Since we returned to New England in late 2005 I’ve been working as an IT Project Manager in Big Pharma. Three years at Pfizer, one at Merck, and then one more back at Pfizer again. I’ve learned a great deal and made many great connections and more than a few good friends in the process and I could happily continue on this path were it not for an old friend from college.
My current contract at Pfizer is a quick three month stint up in Cambridge, MA, my old stomping grounds from grad school. I don’t actually mind the commute, I’d recently become an Audible.com addict and I’ve “read” a great many books thanks to the drive. And I also got to see many old friends (and hopefully will see a few more before my last day next Friday). But because the contract is only 3 months, I started looking for my next contract almost immediately. I’ve learned in this line of work that you always keep looking for new work and that you make every effort to have the next gig lined up when the current one ends so you have no unpaid downtime. Last year it didn’t work out that well and I ended up having to leave Merck sooner than I’d wanted to start a high profile project at Pfizer.
Early into this process my cell phone rang. I looked at the caller ID and was floored. It was Joe, a buddy of mine from college I hadn’t spoken to in something like 17 years (no, I am not counting that initial, “Dood! How you been?!” message that is mandatory for all Facebook reconnects). I answered and everything changed.
Long story short, I am joining Joe on a four month sprint to get a new service to market that is web-based as well as iPhone- and Android-based. I jokingly tell friends, “I’m going to write an app with a friend from college and get rich!” But the truth of the matter is that Joe has a killer idea and the months to follow are going to be intense and exciting.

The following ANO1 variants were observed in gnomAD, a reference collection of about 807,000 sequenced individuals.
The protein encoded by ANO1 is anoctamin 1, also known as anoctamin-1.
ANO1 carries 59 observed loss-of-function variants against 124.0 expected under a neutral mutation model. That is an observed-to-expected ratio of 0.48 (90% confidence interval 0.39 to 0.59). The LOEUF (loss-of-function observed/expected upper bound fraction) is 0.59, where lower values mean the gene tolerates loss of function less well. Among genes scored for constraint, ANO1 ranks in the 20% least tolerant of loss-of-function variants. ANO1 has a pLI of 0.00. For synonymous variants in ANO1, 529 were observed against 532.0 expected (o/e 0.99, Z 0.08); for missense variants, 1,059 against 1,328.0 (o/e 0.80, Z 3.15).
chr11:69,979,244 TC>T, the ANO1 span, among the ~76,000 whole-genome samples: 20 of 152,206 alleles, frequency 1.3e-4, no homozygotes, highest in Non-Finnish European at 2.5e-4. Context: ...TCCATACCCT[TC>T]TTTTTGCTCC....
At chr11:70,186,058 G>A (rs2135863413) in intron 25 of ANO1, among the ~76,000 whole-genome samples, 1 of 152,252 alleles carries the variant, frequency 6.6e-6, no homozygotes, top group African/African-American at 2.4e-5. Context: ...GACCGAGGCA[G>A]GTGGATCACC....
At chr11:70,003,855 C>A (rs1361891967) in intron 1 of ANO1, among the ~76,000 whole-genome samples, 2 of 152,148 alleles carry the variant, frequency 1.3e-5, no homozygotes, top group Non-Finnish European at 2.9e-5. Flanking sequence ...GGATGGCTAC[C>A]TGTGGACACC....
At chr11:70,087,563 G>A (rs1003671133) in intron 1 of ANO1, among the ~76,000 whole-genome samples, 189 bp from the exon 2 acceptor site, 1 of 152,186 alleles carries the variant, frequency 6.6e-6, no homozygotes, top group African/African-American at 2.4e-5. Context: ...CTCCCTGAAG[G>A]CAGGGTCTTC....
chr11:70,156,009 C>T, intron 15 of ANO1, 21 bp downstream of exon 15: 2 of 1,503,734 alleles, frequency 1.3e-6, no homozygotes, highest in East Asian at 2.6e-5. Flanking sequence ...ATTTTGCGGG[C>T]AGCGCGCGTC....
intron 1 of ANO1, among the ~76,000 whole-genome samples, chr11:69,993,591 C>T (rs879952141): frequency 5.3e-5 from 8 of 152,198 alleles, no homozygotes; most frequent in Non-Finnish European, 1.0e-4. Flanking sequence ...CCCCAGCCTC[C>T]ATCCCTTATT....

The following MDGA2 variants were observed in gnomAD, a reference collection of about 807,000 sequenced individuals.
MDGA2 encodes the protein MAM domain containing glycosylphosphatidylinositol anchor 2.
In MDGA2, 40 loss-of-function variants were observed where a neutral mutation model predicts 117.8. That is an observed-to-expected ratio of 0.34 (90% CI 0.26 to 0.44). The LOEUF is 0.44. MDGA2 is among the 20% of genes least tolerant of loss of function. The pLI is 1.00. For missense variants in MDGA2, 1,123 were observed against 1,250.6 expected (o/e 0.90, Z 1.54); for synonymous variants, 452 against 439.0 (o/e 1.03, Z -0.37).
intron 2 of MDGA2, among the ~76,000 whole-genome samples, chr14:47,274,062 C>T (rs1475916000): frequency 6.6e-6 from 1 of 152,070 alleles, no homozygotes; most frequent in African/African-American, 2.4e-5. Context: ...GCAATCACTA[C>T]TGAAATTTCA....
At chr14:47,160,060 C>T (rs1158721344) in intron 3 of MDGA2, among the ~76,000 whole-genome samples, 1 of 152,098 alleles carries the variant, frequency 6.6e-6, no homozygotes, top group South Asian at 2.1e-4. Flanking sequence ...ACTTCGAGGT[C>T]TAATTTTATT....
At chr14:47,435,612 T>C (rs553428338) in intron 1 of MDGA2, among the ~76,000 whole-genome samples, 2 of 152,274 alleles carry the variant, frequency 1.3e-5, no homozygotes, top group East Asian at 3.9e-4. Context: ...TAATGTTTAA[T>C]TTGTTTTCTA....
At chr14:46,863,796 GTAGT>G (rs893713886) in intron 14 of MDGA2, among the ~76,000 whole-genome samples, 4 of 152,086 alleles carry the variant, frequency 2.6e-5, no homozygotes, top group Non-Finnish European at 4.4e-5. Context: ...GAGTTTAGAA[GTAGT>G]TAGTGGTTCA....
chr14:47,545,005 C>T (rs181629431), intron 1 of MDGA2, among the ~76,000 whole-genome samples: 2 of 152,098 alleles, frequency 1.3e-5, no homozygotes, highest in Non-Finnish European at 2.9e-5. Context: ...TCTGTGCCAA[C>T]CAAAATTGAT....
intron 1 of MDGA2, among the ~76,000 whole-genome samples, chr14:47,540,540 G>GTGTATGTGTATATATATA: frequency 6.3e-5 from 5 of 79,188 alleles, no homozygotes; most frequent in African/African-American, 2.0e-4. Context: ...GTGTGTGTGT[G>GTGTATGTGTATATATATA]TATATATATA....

So I am sad to be leaving Pfizer (again) and if this venture fails I may yet return a third time. But, I’m filled with optimism and I feel more alive now than I have in some time: I’m taking a risk with a large potential payoff and even though it is scary, it is also exhilarating and something I have desperately needed for some time now.
I never do New Year’s resolutions but I was inspired to do so this year. Ann and I have been pushing hard the last year or so to improve our lives. She’s started taking classes at RISD, I’ve returned to the theater, our son has crossed over from Cub Scouts to a Boy Scout troop, we’re renovating the house Ann grew up in, and other smaller projects as well. The one major area we had not touched was my career. I felt that I needed to push myself so I resolved to change things up, take some risks, and finally move forward instead of playing it safe as I had been. It only took a few weeks into the new year before the opportunity presented itself!
I don’t know what the future holds but I am excited to be taking an active part in it again for myself and for my family.
What’s really fun is figuring out what tools I need to manage a project working entirely on a Mac. At Pfizer and Merck everything was Windows and Sharepoint and Microsoft Project and Outlook. Those tools are all fine but now it’s MacOS X and Dropbox and OmniPlan and Mail.app and BusyCal. I’m playing with Basecamp, Campfire, and Backpack, I’m investigating Flow, and considering a number of other tools (especially ones that interop well with an iPad and iPhone). We’re experimenting with FaceTime, iChat video chat, Skype video chat, and even Xbox Kinect video chat (though that one is a non-starter for many reasons).
And, of course, my days are spent wrapping up my work at Pfizer and preparing the transition plans because, of course, once we were well down the road to making this a reality, they extended my contract. Between days working for Pfizer and nights planning the new venture and taking my son to Karate classes, Troop meetings and campouts, working crew for the latest Swamp Meadow Community Theatre show (Footloose), and helping back at the Pack as an Assistant Den Leader for the Bears I am pretty busy. But it’s a good busy and am having a great time.
So, that should explain why I’ve been so quiet on this site for a bit. And why I almost certainly will continue being quiet for the next while.